Ugh! The Terrible Twos!! They really start around 18m and they tend to creep up about every 6m for several years! Then it tends to alternate years until the tween years. There is a very good reason for this and I’ll share some tips to make is less terrible.
Starting at 18m the child’s brain goes through a growth spurt. Millions of brain connections are made in the early years of life, but around 18m of age, the child starts to see himself as a separate being from his/her parents. He starts to realize he is in control of his own body. He can start making choices. He can say “NO!” to requests. Your child may develop fears, things that never used to bother her now send her crying, running or screaming. This is because she can now think about what might happen. Logic is still out of reach, but they can still think about things in a more complex what than they could before. These growth spurts happen often throughout childhood. During these times, you may feel as if your child is regressing in some areas. This is normal. Part of the reason is that the new abilities are a bit daunting and the old ways are more comfortable. Also, it takes a lot of energy for the brain connections to happen in spurts so there is not as much mental energy to control emotions or deal with things in the same way the child could previously.
Toddlers are learning about rules and it is important that they have an opportunity to test those rules and limits. I know it can be very frustrating that they test the same limits over and over, but if you can remain consistent and the rules are pretty much the same everywhere they won’t test them for so long. They will go into a phase of acceptance for certain rules. Soon they will test the rules again but remain consistent and the testing phase will be shorter. I like to think of it like this if you get a ticket every time you speed you won’t speed but a few times. Since you probably only get a speeding ticket a small fraction of the times you go over the speed limit, you push it, some push it more than others, some know where they are likely to get caught and try harder not to speed in those areas, but when they feel confident that they will not be caught, they speed. Kids are much the same way. We need to teach them from a young age how to make good choices on their own. Punishments will not teach skills. It is a long process and toddlers don’t really understand why we do certain things but they are capable of simple explanations. Keeping calm and teaching them the right thing to do will help them make the right decisions when you aren’t there watching them.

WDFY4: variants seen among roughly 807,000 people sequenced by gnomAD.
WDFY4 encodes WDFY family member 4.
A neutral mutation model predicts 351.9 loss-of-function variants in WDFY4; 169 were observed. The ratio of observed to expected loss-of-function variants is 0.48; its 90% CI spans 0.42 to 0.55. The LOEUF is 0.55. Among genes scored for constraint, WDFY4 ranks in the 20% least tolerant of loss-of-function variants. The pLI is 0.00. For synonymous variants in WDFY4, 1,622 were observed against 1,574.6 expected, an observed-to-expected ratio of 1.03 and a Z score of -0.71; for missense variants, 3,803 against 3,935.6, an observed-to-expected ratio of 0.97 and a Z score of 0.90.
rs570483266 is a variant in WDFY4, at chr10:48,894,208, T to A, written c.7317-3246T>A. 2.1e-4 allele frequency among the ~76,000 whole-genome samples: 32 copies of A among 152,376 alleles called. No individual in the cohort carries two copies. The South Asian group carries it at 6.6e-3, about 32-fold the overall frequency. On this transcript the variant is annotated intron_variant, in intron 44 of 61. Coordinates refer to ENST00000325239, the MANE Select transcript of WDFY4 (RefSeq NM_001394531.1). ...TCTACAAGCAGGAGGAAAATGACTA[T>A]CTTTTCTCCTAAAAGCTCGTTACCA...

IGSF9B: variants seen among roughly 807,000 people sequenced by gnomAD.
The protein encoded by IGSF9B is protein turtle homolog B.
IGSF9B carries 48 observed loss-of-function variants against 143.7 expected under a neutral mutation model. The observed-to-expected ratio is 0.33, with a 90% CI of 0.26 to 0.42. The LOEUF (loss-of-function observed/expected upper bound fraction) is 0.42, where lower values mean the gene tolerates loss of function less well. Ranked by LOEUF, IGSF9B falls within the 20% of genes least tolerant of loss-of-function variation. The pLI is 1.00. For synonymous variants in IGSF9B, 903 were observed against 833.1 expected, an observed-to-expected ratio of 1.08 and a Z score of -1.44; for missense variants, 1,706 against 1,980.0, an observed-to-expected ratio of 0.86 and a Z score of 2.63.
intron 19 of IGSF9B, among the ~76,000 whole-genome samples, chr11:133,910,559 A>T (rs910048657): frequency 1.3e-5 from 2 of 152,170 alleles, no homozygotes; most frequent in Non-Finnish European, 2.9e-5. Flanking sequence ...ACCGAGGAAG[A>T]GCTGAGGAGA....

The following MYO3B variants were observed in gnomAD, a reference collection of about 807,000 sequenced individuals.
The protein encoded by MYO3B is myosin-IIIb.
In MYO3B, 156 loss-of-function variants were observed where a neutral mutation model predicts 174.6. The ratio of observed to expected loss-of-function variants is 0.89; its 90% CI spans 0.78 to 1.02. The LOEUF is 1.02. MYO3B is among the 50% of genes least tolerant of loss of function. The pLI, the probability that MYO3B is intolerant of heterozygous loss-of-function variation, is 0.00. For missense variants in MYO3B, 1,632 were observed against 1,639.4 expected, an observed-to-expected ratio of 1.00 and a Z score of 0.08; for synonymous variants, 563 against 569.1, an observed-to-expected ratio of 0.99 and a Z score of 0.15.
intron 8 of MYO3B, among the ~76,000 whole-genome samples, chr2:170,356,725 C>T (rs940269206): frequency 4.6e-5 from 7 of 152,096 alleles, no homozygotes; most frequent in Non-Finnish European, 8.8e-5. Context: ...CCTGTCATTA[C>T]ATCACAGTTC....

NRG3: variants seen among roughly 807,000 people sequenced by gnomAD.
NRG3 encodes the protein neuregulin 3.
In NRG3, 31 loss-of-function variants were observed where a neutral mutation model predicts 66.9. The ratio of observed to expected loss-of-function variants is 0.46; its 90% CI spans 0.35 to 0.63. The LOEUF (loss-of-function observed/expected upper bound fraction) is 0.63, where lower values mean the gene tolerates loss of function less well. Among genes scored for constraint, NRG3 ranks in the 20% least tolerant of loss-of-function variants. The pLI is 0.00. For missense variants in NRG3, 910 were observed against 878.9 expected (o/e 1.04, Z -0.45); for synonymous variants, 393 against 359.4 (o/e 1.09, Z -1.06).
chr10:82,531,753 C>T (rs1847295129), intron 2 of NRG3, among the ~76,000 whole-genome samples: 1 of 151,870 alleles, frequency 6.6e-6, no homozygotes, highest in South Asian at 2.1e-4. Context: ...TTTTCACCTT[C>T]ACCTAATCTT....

Please remember that toddlers are not manipulating you. It takes a lot of cunning to manipulate someone and a toddler does not have that kind of ability. They are learning simple cause and effect (like that light switches turn on lights). They CANNOT make plans to terrorize your day. Remember that their behavior is a reflection of how they are feeling. If their behavior is “bad” it is often because they are having a hard time. They are not able to meet the demands placed on them in that moment. They have a very limited skill set and just because they can handle something one day it doesn’t mean they have mastered that skill, or can’t just have a bad day. Just like there are days that we are more patient and understanding, toddlers have their days too. Showing empathy will help them calm down faster and diffuse the situation so much better than stricter punishments or you loosing your cool. We all have bad moments and lose it from time to time. Apologize and forgive yourself, kids are awesome at forgiving and forgetting. Repair the damage by hugging, rocking, reading a book, or just sharing a few moments together playing and laughing.
I was given a book at a baby shower for my first and it is the closest you can get to a manual for the first 3 years! Check out this book, it has great tips and explains all the normal crazy things that babies and toddlers do!
For more tips on surviving toddlerhood, check out this post https://wp.me/p8HtYm-5m